Supreme Court Suggests Kentucky Official Can Defend Abortion Curbs
(Bloomberg) -- U.S. Supreme Court justices signaled they are inclined to let Kentucky’s Republican attorney general take over the defense of a law that would sharply restrict abortion after the 15th week of pregnancy.
Hearing arguments in what will be a prelude to a bigger abortion fight later this year, the justices suggested skepticism toward a federal appeals court’s conclusion that Kentucky Attorney General Daniel Cameron waited too long to try to get involved. The appeals court struck down the law and then barred Cameron from intervening in order to seek reconsideration from a larger panel of judges.
Justices from across the court’s ideological spectrum voiced concern that, unless Cameron can take part, no state official will have authority to keep defending the law. Cameron sought to intervene after Health and Family Services Secretary Eric Friedlander, an appointee of Democratic Governor Andy Beshear, decided not to pursue the case further.
“Once the secretary is out of it, Kentucky maybe ought to be there in some form, and the attorney general is the one that wants to intervene,” Chief Justice John Roberts said.
The case is the opening act in a Supreme Court term that could eviscerate the constitutional right to abortion. In December the court will consider a Mississippi bid to overturn Roe v. Wade, the landmark 1973 ruling that legalized abortion nationwide. The high court also could be asked again to intervene in a fight over a Texas law that bans abortion after six weeks of pregnancy.
The Kentucky law would effectively ban the most common abortion technique used after the 15th week of pregnancy. The procedure, known as dilation and evacuation, or D&E, involves removing the fetus in a way that typically causes the tissue to separate.
The law doesn’t explicitly mention D&E but bars “dismemberment” of the fetus unless it is already dead. The measure makes an exception for cases of medical emergency.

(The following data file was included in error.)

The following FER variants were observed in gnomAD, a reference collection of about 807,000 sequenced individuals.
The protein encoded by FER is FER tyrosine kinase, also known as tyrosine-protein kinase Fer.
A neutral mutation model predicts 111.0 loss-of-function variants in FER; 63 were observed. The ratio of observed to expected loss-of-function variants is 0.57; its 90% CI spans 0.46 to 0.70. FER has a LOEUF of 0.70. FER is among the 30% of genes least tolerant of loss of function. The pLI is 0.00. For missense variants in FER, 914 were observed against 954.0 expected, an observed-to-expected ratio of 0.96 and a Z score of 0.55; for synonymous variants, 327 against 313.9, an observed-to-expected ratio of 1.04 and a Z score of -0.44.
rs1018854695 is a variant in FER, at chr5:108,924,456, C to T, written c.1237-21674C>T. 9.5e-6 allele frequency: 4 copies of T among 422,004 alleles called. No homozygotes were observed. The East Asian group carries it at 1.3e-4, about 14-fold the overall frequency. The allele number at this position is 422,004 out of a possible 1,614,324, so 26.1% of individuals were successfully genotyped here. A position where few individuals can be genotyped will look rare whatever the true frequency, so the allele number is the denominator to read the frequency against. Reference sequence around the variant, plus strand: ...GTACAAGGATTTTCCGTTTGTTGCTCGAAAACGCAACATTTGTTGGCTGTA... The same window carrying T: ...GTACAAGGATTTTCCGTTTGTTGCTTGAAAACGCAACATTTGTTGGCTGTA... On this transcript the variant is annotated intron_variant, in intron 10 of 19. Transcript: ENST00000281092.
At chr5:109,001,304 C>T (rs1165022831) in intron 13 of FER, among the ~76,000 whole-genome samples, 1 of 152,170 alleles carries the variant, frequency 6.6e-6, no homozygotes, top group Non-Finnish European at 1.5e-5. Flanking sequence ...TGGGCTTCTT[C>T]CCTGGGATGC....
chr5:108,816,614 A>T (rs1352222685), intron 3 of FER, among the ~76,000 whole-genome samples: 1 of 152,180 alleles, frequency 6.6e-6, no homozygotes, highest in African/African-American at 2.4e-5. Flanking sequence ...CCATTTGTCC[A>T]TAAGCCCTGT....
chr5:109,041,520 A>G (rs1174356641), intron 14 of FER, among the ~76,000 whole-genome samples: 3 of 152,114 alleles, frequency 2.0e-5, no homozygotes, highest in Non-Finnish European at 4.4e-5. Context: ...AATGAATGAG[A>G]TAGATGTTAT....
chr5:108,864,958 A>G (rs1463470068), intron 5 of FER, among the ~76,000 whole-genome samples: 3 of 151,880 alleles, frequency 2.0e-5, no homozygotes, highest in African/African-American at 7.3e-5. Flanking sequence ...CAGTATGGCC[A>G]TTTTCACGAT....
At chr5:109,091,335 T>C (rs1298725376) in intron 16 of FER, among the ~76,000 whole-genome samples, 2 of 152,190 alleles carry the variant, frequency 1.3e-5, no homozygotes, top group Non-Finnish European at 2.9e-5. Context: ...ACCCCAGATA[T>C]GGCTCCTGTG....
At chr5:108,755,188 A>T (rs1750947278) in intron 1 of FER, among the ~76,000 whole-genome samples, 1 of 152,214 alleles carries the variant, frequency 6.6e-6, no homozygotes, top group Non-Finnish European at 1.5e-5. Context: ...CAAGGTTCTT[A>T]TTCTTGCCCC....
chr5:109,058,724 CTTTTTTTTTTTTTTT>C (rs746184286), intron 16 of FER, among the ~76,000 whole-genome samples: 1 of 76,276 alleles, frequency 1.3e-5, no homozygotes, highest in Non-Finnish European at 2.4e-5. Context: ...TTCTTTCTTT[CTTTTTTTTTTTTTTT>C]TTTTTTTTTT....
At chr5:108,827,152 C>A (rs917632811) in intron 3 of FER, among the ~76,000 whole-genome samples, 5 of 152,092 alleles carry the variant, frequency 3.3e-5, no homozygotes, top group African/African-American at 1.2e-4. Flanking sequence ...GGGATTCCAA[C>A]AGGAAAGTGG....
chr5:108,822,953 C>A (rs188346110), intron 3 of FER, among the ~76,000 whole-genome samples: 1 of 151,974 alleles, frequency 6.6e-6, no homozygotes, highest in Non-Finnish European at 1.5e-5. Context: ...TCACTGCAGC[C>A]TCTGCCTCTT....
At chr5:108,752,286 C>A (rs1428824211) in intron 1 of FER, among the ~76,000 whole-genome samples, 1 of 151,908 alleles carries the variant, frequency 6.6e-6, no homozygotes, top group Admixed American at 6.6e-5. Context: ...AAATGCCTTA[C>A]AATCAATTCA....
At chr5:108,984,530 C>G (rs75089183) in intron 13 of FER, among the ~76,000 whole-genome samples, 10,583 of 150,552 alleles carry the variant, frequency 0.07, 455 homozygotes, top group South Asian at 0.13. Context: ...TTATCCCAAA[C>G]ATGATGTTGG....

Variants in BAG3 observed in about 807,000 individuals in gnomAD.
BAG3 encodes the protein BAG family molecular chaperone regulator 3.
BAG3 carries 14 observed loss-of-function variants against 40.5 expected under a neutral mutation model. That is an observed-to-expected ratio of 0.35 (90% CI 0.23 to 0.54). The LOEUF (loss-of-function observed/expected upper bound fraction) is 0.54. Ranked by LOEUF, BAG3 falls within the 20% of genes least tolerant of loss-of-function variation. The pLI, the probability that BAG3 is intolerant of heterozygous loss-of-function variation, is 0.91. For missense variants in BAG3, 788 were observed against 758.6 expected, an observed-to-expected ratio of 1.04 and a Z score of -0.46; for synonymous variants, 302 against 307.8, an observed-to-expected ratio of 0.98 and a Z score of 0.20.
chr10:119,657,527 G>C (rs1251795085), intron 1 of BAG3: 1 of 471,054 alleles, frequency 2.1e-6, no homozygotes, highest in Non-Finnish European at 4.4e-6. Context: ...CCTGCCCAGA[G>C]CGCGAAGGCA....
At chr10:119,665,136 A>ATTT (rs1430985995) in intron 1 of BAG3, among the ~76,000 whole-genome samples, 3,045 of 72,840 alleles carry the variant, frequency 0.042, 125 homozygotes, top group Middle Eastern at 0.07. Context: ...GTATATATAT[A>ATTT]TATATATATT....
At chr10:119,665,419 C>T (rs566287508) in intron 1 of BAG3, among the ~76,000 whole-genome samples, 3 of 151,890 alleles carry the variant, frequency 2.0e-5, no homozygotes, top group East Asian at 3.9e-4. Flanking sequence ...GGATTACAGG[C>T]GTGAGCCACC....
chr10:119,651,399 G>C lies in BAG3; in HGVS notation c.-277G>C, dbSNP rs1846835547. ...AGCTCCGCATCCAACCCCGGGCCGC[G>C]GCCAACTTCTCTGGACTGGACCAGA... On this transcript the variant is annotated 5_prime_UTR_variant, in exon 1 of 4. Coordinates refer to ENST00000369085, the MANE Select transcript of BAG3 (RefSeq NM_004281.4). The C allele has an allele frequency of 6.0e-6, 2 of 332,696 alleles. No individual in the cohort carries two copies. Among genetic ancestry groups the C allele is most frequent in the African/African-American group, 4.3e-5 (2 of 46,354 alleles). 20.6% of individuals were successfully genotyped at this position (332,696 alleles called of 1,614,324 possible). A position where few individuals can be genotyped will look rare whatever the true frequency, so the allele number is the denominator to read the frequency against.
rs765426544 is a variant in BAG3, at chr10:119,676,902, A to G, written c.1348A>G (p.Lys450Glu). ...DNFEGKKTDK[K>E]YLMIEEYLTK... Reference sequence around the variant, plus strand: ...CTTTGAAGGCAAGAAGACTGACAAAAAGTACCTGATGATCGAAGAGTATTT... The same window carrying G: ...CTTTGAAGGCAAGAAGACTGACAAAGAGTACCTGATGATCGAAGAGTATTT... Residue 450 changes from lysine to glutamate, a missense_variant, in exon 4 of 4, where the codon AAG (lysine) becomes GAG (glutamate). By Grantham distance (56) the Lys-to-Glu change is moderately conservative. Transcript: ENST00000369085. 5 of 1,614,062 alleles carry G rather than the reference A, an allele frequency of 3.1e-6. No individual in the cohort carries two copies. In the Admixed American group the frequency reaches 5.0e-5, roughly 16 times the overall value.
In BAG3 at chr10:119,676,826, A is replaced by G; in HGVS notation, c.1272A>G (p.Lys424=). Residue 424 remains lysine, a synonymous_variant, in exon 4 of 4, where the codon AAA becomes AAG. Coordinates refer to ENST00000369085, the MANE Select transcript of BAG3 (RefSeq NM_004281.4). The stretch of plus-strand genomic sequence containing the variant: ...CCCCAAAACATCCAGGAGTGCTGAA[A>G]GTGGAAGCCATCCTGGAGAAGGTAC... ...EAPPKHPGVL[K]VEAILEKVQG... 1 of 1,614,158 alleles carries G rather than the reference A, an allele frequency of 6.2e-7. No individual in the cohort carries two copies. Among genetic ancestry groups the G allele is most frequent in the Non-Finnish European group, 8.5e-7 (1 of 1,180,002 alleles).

Cameron says providers could use one of three techniques to cause fetal death before performing the abortion, but abortion-rights advocates says those methods aren’t feasible and would add needless risk. The law is being challenged by Louisville-based EMW Women’s Surgical Center, the only Kentucky clinic where patients can get an abortion after 14 weeks of pregnancy, as measured by the last menstrual period.
The high court case is the product of a political changeover in Kentucky in 2019, when Beshear was elected governor and Cameron was elected to succeed Beshear as attorney general, flipping party control of both offices.
As attorney general, Beshear had opted not to defend the law, leaving that to an official appointed by then-Governor Matt Bevin, a Republican. In asking to be dismissed as a defendant in the case, Beshear agreed to be bound by the judgment in the case.
By the time the case was before the 6th Circuit Court of Appeals, the election had taken place. Friedlander, the newly appointed health secretary, initially decided to keep defending the law -- bringing in lawyers from Cameron’s office to argue the case -- but decided to abandon the case after the appeals court ruled.
Justice Stephen Breyer, one of three Democratic-appointed justices, questioned why Cameron shouldn’t be allowed to take over for Friedlander.
“If there’s no prejudice to anybody -- and I can’t see where there is -- why can’t he just come in and defend the law?” Breyer asked.
EMW’s lawyer, Alexa Kolbi-Molinas of the American Civil Liberties Union, argued that each attorney general “stands in the shoes of his predecessor,” adding, “it doesn’t matter that there’s been a political party change.”
But that argument hit resistance from Justice Elena Kagan, who said the election had made a “real-world” impact on the case.
“I think what Justice Breyer was saying is: ‘Gosh, that would be an extremely harsh jurisdictional rule, or at least a counterintuitive rule, if it ended up in a place where nobody was there to to defend Kentucky’s law, even though there are significant parts of Kentucky’s government that still want its law defended,’” Kagan said.
Kentucky Principal Deputy Solicitor General Matthew Kuhn, representing Cameron, argued that the attorney general “merely accepted a handoff for another state official to exhaust all appeals.”
Should the Supreme Court let Cameron intervene, the fate of Kentucky’s law could hinge on the Mississippi case, which centers on the state’s ban on abortion after 15 weeks. The high court is scheduled to decide both cases by late June.
The case is Cameron v. EMW Women’s Surgical Center, 20-601.
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